Céret composer Déodat de Séverac was born in Saint-Félix-Lauragais, not far from Toulouse, in 1872.
Composer Déodat de Séverac was born in Saint-Félix-Lauragais, not far from Toulouse, in 1872.
Son of aristocrat painter, Gilbert de Severac, he grew up surrounded by the arts.
Christine Macé, coordinator of Músic Musée’s explained that de Séverac’s ultimate vision lay at the “confluence of music and painting”.
After completing his studies in Paris, he arrived in Céret in 1909 and quickly settled into the Catalan way of life, spending much of his time with friends such as Pablo Picasso and Picasso’s Cubist compadre, Georges Brach.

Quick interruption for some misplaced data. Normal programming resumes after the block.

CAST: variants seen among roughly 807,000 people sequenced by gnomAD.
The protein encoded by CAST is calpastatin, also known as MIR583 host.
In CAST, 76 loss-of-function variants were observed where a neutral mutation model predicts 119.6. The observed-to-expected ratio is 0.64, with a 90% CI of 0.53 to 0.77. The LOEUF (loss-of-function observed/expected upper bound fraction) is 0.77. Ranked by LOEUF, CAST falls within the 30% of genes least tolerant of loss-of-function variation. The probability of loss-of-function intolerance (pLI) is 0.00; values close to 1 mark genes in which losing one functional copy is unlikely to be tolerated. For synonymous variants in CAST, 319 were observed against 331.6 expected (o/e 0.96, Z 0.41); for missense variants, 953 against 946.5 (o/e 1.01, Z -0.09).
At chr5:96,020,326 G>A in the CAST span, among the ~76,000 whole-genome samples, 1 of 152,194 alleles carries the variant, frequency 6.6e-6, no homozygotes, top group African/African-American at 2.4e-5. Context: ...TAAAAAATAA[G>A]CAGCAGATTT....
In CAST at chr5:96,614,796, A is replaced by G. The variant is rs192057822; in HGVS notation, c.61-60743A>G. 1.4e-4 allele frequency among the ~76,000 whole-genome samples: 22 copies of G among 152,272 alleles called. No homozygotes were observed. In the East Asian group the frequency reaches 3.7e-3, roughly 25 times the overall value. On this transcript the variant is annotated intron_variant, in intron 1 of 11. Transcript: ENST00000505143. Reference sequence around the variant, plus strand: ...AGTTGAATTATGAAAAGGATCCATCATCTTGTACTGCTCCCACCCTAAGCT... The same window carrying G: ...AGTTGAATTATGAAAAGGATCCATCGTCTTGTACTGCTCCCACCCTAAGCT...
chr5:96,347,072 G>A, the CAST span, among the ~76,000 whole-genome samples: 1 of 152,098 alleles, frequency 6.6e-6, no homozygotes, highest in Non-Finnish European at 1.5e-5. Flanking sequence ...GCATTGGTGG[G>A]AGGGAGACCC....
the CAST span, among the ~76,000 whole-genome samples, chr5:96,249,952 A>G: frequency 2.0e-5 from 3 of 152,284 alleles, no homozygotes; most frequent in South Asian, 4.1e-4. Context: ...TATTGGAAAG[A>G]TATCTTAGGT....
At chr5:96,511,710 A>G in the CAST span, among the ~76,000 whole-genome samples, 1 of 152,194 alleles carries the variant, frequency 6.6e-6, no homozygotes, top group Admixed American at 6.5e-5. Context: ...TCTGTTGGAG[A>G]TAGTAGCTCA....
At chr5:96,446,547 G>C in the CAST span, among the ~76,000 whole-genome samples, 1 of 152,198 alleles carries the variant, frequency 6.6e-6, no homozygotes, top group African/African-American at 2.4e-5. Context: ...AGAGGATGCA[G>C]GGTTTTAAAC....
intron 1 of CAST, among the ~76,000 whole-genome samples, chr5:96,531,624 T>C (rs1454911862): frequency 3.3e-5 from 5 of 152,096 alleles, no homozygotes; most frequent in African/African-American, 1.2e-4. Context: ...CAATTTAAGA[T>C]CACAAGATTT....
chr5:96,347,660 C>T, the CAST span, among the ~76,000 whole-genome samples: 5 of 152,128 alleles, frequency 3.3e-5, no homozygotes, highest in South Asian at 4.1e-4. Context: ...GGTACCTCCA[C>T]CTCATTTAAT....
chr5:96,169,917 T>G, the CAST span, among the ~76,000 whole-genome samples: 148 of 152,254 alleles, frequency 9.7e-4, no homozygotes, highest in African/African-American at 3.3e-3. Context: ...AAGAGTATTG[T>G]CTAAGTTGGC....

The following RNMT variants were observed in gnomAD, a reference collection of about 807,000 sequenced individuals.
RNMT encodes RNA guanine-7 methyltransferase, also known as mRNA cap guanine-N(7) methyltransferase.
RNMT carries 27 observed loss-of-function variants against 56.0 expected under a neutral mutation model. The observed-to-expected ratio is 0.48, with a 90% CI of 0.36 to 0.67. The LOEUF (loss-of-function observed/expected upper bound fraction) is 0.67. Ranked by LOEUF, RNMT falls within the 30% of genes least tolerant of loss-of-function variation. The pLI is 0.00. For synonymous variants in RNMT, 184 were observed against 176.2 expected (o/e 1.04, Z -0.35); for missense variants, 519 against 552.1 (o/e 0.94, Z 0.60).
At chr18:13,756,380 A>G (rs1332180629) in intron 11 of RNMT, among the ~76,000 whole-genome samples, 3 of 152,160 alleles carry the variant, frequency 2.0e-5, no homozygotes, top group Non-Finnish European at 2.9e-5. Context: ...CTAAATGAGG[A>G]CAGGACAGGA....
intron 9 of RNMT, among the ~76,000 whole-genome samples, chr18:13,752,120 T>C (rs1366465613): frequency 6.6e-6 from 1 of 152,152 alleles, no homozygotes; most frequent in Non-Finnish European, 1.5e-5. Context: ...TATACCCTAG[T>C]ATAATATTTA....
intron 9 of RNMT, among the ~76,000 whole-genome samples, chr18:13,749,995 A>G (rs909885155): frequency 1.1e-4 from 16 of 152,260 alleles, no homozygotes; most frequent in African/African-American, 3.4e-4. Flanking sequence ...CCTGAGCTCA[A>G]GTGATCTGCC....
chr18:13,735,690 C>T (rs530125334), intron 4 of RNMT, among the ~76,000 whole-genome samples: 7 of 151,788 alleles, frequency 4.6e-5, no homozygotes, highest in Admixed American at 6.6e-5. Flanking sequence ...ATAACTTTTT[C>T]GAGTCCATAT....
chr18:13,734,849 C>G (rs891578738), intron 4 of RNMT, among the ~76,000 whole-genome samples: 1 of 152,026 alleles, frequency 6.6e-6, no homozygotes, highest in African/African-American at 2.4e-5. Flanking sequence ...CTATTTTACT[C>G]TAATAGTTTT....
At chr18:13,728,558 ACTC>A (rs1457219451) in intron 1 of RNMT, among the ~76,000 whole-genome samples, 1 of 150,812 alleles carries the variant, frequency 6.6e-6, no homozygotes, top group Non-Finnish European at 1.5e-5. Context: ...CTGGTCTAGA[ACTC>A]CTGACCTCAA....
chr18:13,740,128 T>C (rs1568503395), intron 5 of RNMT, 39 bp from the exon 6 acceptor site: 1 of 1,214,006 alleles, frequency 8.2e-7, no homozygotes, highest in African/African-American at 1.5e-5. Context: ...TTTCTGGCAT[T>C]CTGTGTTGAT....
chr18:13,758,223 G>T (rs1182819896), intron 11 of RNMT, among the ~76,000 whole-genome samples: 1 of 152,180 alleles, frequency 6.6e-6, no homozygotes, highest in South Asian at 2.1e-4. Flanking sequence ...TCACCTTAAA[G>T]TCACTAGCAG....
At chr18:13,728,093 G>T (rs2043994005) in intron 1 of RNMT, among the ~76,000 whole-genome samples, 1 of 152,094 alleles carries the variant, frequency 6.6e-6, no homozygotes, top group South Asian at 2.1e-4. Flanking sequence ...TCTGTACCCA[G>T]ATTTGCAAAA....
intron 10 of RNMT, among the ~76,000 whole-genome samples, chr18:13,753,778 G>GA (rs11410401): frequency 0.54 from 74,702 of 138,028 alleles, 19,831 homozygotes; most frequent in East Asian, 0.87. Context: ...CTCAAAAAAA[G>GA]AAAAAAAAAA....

He became deeply enamoured with his new home in Languedoc and in a letter to his poet friend, Jean Amade, he wrote that he “adores” le Vallespir and Ceret, and that Canigou is a “divine mountain.”
De Séverac’s love of Languedoc musical tradition and culture was soon joined by an equally strong fascination with Catalan music. He began to incorporate the sounds of coblas and the rhythmic patterns of the sardane into his compositions, which included opera, chorale and vocal music, as well as pieces for solo piano.
He died in Ceret in 1921 at the age of 49.